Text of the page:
Lin “Xxs” Jing (Mid) – Xxs is a player that has gone through a rather impressive change on the Pro Circuit this season, as he has had to transition from the offlane position to the role of midlaner in the midst of iG’s campaign. So far in his tenure as a midlaner, Xxs has favored lane dominant, team fight oriented heroes, which may be something of a holdover from his time at the offlane position. Regardless of the influence that has brought it about, Xxs’s new play style has given the squad a stable presence in the middle lane and in team fight scenarios. While he isn’t going to be in any discussions about the best player at the position, Xxs’s transition is still impressive considering the fact that he had been playing as an offlaner for the entirety of his career up until that point. That career didn’t begin all that long ago, as Xxs first entered the professional scene in September of 2015 with Team DK on its DK Scuderia squad. His time with the organization was cut father short though, as Team DK shut down its Dota 2 operations just 2 months later in November of 2015, with Xxs and the rest of the DK Scuderia roster being signed by Invictus Gaming Vitality soon after. Under the iG.V banner, Xxs found near immediate success within the Chinese region, as the new youth squad put together an impressive stretch of performances across the end of 2015 and the first few months of 2016. The team’s performance was so impressive that when the main iG roster was restructured in March of 2016, Xxs and 3 of his teammates were promoted to form the new Invictus Gaming lineup. Xxs has remained with Invictus Gaming ever since, and alongside teammates Ye “BoBoKa” Zhibiao stands as the longest tenured players on the iG roster. The change to the middle lane was a much more recent development for Xxs, as he was moved to the position in February of 2017 when the squad made its final roster changes before the Pro Circuit roster lock deadline. Since the addition of new players and Xxs’s change to a midlaner, Invictus Gaming has seen its performance improve both within the Chinese region and on the Pro Circuit stage. However, if the team wants to come anywhere close to finding success in Vancouver, Xxs is going to have to show that he is ready to, and capable of, competing with some of the best players in the world at a position that he has only held for around 6 months. Time will tell if the young midlaner is up for such a daunting challenge on the TI stage.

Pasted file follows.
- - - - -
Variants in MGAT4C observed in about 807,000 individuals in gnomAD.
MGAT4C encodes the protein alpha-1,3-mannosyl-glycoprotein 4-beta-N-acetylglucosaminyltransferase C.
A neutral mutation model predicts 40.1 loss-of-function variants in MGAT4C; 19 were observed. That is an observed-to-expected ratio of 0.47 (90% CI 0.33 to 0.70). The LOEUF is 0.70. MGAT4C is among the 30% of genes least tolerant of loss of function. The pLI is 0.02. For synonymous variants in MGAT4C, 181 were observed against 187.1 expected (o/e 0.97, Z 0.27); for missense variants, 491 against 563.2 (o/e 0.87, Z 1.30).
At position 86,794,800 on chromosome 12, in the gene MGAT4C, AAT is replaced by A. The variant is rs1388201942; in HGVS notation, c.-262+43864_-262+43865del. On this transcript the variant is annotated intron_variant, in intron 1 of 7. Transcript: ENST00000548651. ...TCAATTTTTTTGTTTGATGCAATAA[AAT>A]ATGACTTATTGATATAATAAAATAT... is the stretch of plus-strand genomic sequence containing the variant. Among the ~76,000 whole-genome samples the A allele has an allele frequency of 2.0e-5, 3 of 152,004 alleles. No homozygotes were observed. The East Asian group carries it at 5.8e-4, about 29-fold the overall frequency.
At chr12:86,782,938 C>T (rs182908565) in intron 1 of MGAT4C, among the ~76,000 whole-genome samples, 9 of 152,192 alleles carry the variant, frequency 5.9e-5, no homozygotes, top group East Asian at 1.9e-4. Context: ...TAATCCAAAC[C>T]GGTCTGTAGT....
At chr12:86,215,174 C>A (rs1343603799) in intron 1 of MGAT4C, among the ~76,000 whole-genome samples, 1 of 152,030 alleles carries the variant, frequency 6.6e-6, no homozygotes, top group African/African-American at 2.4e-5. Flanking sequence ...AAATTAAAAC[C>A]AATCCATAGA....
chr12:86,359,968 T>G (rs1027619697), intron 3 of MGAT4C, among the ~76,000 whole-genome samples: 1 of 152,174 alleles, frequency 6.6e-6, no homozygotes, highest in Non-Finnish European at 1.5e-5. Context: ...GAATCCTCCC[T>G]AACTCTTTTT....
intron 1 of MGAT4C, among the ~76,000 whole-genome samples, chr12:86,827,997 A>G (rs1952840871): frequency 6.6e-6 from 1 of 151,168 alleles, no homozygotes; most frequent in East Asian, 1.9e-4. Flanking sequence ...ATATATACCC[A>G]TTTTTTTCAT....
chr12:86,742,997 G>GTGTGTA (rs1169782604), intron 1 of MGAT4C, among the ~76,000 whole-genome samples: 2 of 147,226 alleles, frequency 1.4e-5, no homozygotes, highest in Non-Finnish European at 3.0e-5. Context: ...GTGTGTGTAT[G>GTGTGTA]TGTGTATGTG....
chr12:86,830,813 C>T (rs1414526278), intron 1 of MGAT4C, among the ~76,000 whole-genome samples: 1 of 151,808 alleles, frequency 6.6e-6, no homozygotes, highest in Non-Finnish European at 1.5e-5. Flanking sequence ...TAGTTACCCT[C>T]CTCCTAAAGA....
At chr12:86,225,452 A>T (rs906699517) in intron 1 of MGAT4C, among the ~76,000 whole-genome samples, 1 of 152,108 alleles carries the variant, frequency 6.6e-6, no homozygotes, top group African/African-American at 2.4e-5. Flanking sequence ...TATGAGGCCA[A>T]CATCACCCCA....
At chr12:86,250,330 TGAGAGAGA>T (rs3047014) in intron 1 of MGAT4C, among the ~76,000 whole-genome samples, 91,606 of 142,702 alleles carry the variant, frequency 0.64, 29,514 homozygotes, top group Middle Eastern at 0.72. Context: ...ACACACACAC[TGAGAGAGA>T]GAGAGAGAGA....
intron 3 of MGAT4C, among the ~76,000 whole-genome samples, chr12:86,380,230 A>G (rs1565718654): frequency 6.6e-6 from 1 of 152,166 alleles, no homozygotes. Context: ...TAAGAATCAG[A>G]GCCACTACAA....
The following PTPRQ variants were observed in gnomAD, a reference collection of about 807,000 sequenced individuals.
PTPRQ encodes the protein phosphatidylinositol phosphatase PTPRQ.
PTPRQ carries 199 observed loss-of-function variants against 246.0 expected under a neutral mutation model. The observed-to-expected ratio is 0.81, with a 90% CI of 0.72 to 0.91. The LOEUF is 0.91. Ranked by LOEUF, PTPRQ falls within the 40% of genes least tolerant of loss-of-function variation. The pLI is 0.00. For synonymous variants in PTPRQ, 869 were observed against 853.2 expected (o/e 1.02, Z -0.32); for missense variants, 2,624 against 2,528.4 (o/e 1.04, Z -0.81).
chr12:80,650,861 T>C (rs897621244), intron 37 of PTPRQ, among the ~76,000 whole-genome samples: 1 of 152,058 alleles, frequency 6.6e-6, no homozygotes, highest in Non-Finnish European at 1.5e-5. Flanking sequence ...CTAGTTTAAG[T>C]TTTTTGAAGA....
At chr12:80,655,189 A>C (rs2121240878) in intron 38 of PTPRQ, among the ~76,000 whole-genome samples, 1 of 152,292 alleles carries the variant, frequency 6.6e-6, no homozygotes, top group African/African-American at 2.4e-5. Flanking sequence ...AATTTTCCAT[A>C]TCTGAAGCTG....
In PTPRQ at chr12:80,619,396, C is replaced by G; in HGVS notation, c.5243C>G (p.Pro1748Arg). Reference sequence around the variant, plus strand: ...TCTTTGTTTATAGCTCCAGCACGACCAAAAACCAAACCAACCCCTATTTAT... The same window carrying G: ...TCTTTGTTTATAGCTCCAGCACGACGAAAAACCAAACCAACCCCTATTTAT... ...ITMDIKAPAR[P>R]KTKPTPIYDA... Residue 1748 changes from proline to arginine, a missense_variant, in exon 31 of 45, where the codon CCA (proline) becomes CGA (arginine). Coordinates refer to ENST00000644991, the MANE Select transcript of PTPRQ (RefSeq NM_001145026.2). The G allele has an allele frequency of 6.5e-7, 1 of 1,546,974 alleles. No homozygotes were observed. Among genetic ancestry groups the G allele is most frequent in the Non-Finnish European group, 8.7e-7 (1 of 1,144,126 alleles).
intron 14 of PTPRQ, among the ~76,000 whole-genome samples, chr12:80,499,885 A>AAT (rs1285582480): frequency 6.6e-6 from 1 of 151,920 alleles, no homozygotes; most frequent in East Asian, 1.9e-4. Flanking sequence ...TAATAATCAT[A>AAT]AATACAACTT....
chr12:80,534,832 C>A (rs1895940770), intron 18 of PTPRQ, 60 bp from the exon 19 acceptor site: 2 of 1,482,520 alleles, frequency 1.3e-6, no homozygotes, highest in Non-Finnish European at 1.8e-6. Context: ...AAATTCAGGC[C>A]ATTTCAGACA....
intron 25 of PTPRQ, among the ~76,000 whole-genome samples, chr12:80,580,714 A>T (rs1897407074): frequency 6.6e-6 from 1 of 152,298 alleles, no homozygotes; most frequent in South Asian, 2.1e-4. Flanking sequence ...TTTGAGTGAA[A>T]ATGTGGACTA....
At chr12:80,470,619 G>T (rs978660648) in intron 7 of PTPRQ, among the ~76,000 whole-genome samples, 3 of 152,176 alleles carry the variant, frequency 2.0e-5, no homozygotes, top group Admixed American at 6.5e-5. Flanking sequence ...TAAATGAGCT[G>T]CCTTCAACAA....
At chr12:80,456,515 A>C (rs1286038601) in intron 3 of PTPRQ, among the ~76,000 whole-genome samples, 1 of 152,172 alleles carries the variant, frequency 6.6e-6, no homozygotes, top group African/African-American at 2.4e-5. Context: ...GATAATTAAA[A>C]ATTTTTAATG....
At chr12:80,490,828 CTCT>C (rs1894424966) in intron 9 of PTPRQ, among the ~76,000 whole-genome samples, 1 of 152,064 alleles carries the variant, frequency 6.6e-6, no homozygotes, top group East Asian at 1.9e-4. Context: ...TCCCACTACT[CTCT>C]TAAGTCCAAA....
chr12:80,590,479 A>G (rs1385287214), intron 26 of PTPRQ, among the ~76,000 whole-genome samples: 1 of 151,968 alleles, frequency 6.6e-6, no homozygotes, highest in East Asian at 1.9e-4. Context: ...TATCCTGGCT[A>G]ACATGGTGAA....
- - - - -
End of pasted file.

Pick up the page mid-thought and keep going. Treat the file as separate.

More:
Sun “Srf” Runfa (Offlane) – Srf is one of the most recent additions to the Invictus Gaming lineup, having joined the squad in February alongside carry player Sun “Agressif” Zheng. Under normal circumstances, a player joining a team midseason has a slightly higher level of expectations in terms of his immediate performance, but that situation didn’t really apply to Srf. The Chinese squad was struggling significantly when he joined the roster, and all iG really needed from him was a consistent level of play since his addition bumped Lin “Xxs” Jing out of the offlane position. Srf has proven himself capable of filling that role for the team though, as his play style has provided the squad with both team fight control and sustainability and aggressive, play making opportunities. Srf has been able to adapt to the top level of professional play fairly well for someone who is still relatively new to the scene, which may be due to the fact that he spent the majority of his time as a pro player within the developmental systems of the Chinese region. Srf’s career began back in 2015 with an amateur squad called Dream Weavers Gaming, where he competed in minor events and regional qualifiers in China. In April of 2016, Srf moved to the lineup of G.Star, a squad with a bit more structure than his previous team but still a relative unknown within the Chinese scene. However, that squad did manage to qualify for G-League 2016, where Srf’s talents were put on display and noticed by more prominent organizations. In Spetember of 2016, Srf was picked up by Vici Gaming Potential, the developmental squad of the Vici Gaming organization. Though he spent a year with the team developing his talents and play style, Srf found little success with Vici Gaming Potential, and the squad ended up effectively disbanding in September of 2017. Srf found himself moving from one youth squad to another, as he joined the roster of Invictus Gaming Vitality on the same day that the VG.P lineup broke apart. He spent the first half of the Pro Circuit season with iG.V, and although the squad was unable to become much of a threat within the Chinese region, Srf’s talents continued to grow and gain him some notoriety within the organization and the Chinese scene. When the main iG lineup looked to shore up its roster in February of 2018, Srf was transferred from iG.V and took his place in the organization’s main lineup. His steady play has helped the team put together a somewhat more respectable end to its Pro Circuit season, but both he and his teammates will have to take another massive leap forward if Invictus Gaming is going to have any chance of escaping the bottom of the standings in Vancouver.